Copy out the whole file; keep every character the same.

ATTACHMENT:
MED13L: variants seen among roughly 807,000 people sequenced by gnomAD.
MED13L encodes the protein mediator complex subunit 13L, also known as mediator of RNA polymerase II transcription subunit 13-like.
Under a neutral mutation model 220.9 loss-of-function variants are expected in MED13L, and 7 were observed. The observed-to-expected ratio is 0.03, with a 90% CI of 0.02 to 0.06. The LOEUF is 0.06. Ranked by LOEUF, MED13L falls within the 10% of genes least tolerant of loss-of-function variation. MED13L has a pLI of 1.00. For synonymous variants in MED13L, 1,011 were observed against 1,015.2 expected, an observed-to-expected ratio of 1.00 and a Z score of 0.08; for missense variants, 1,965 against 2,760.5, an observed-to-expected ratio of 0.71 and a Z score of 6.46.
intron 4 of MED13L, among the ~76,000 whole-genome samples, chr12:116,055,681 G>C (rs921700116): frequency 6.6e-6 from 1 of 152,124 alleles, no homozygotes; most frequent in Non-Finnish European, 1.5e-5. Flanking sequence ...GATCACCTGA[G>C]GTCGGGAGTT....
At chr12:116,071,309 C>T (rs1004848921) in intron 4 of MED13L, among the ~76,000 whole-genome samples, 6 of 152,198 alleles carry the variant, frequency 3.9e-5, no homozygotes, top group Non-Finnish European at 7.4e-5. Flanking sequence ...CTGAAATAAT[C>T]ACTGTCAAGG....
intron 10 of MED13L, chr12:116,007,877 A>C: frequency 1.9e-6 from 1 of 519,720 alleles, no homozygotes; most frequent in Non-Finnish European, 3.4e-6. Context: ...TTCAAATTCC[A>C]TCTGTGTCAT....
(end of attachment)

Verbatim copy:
MED13L: variants seen among roughly 807,000 people sequenced by gnomAD.
MED13L encodes the protein mediator complex subunit 13L, also known as mediator of RNA polymerase II transcription subunit 13-like.
Under a neutral mutation model 220.9 loss-of-function variants are expected in MED13L, and 7 were observed. The observed-to-expected ratio is 0.03, with a 90% CI of 0.02 to 0.06. The LOEUF is 0.06. Ranked by LOEUF, MED13L falls within the 10% of genes least tolerant of loss-of-function variation. MED13L has a pLI of 1.00. For synonymous variants in MED13L, 1,011 were observed against 1,015.2 expected, an observed-to-expected ratio of 1.00 and a Z score of 0.08; for missense variants, 1,965 against 2,760.5, an observed-to-expected ratio of 0.71 and a Z score of 6.46.
intron 4 of MED13L, among the ~76,000 whole-genome samples, chr12:116,055,681 G>C (rs921700116): frequency 6.6e-6 from 1 of 152,124 alleles, no homozygotes; most frequent in Non-Finnish European, 1.5e-5. Flanking sequence ...GATCACCTGA[G>C]GTCGGGAGTT....
At chr12:116,071,309 C>T (rs1004848921) in intron 4 of MED13L, among the ~76,000 whole-genome samples, 6 of 152,198 alleles carry the variant, frequency 3.9e-5, no homozygotes, top group Non-Finnish European at 7.4e-5. Flanking sequence ...CTGAAATAAT[C>T]ACTGTCAAGG....
intron 10 of MED13L, chr12:116,007,877 A>C: frequency 1.9e-6 from 1 of 519,720 alleles, no homozygotes; most frequent in Non-Finnish European, 3.4e-6. Context: ...TTCAAATTCC[A>C]TCTGTGTCAT....